Vanda’s Other Objective Evidence of Nonobviousness
Vanda additionally argued that the asserted claims were not obvious due to (1) the long-felt need of the claimed Non-24 treatment, (2) industry praise for the claimed Non-24 treatment, (3) failure of others to develop the claimed Non-24 treatment, and (4) failure to recognize CYP3A4 metabolism.
Although Vanda alleged that there was a long-felt need for the claimed Non-24 treatment, the court noted that the evidence cited by Vanda did not demonstrate a long-felt need for the treatment. The evidence cited included a story of a single patient who was successfully treated after melatonin treatment had not succeeded, and other evidence that was “cursory at best and suggests at most that there was some need among Non-24 patients for whom melatonin had not worked for another drug; it does not suggest that there was a need for a specific method of using that drug.” Id. at 55. The court also noted that while Vanda cited industry praise, it failed to cite evidence that the praise was directed at the treatment method, the subject of the asserted patents. Vanda’s alleged claims of the failure of others were also seen as unpersuasive by the court because Vanda provided no evidence that others had tried to develop tasimelteon to treat Non-24.
Note: Vanda appealed, also motioning for a temporary injunction enjoining Teva and Apotex from commercially marketing generic versions of Hetlioz™. On Dec. 28, 2022, the Federal Circuit denied the motion. The Federal Circuit did agree, however, to expedite the appeal; Vanda’s opening brief is due no later than January 23, 2023; the appellees’ response briefs are due no later than February 27, 2023; and Vanda’s reply brief and the joint appendix are due no later than March 9, 2023.
In prosecution, objective evidence serves to rebut a prima facie case of obviousness. If an applicant presents evidence to rebut a prima facie case of obviousness, the examiner must reevaluate entirely the merits of the matter, taking into account the newly submitted evidence. See In re Hedges, 783 F.2d 1038, 1039 (Fed. Cir. 1986); In re Rinehart, 531 F.2d 1048, 1052 (CCPA 1976). Even in litigation, evaluating the obviousness of the subject matter as a whole also requires considering the objective evidence of nonobviousness along with the other Graham factual inquiries. If present, this evidence cannot be disregarded. See Apple Inc. v. International Trade Com’n, 725 F.3d 1356, 1365 (Fed. Cir. 2013).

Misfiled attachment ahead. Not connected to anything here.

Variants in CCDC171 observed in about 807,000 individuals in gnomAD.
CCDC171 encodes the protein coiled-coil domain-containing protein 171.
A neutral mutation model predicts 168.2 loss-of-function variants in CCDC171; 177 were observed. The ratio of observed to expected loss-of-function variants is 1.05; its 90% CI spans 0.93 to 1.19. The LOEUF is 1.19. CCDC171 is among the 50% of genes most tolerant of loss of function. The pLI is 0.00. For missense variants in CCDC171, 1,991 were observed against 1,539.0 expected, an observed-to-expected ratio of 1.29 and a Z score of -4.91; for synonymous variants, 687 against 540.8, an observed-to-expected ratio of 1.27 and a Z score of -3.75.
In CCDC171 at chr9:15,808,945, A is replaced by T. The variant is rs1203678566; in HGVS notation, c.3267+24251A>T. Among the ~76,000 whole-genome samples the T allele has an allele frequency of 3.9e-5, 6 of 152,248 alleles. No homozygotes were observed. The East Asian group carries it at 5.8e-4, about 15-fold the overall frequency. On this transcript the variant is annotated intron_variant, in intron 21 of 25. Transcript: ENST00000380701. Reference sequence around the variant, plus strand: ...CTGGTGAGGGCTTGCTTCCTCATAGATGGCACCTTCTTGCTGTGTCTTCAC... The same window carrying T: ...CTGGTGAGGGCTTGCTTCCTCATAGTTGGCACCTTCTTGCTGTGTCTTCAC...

Presenting comparative test data showing that the claimed invention possesses unexpectedly improved properties or properties that the prior art does not have is a form of objective evidence. If a person of ordinary skill in the art would have been surprised by applicant’s results, then the invention could not have been obvious. As noted by the court in this case, “’by definition, any superior property must be unexpected to be considered as evidence of non-obviousness’ and that unexpected results ‘evidence must fail [if] the record is devoid of any evidence of what the skilled artisan would have expected.’” Id. at 52, citing Pfizer, Inc. v. Apotex, Inc., 480 F.3d 1348, 1371 (Fed. Cir. 2007). Thus, if a practitioner is making an argument for unexpected results, it must truly be unexpected—not already disclosed in the prior art—and be supported by factual evidence. See also, Allergan, Inc. v. Sandoz Inc., 796 F.3d 1293, 1306 (Fed. Cir. 2015)(“We also conclude that the district court did not clearly err in finding that the claimed formulation exhibited ‘unexpected results,’ which differed in kind, not just in degree, from the prior art.”). In other words, the unexpectedness must be sufficient “to secure the validity of the claims in suit.” Syntex (U.S.A.) LLC v. Apotex, Inc., 407 F.3d 1371, 1381 (Fed. Cir. 2005).
In order for an examiner, PTAB, or a court to credit objective evidence, the applicant must establish a nexus between the evidence and the merits of the invention. This “nexus” between the evidence and the claimed invention “is a legally and factually sufficient connection.” Henny Penny Corp. v. Frymaster LLC, 938 F.3d 1324, 1332 (Fed. Cir. 2019). If the court finds that the objective evidence is attributable to something other than the invention, such as marketing and/or non-invention features, there is no nexus to the claimed invention and the objective evidence will fail to rebut a prima facie case of obviousness.
This decision also reminds practitioners to ensure that alleged prior art actually is prior art when it is being asserted. Failure to argue against a reference being characterized as prior art can estop a party from making the argument later on, as happened in this case. While it is uncertain if the asserted claims would have been nonobvious in view of the prior art without the Lankford reference, removing Lankford as a prior art reference would have only benefitted Vanda in its claims against Defendants. It would serve practitioners well to carefully scrutinize prior art to make sure that it actually is prior art.
†Stacy Lewis is a Law Clerk at Finnegan.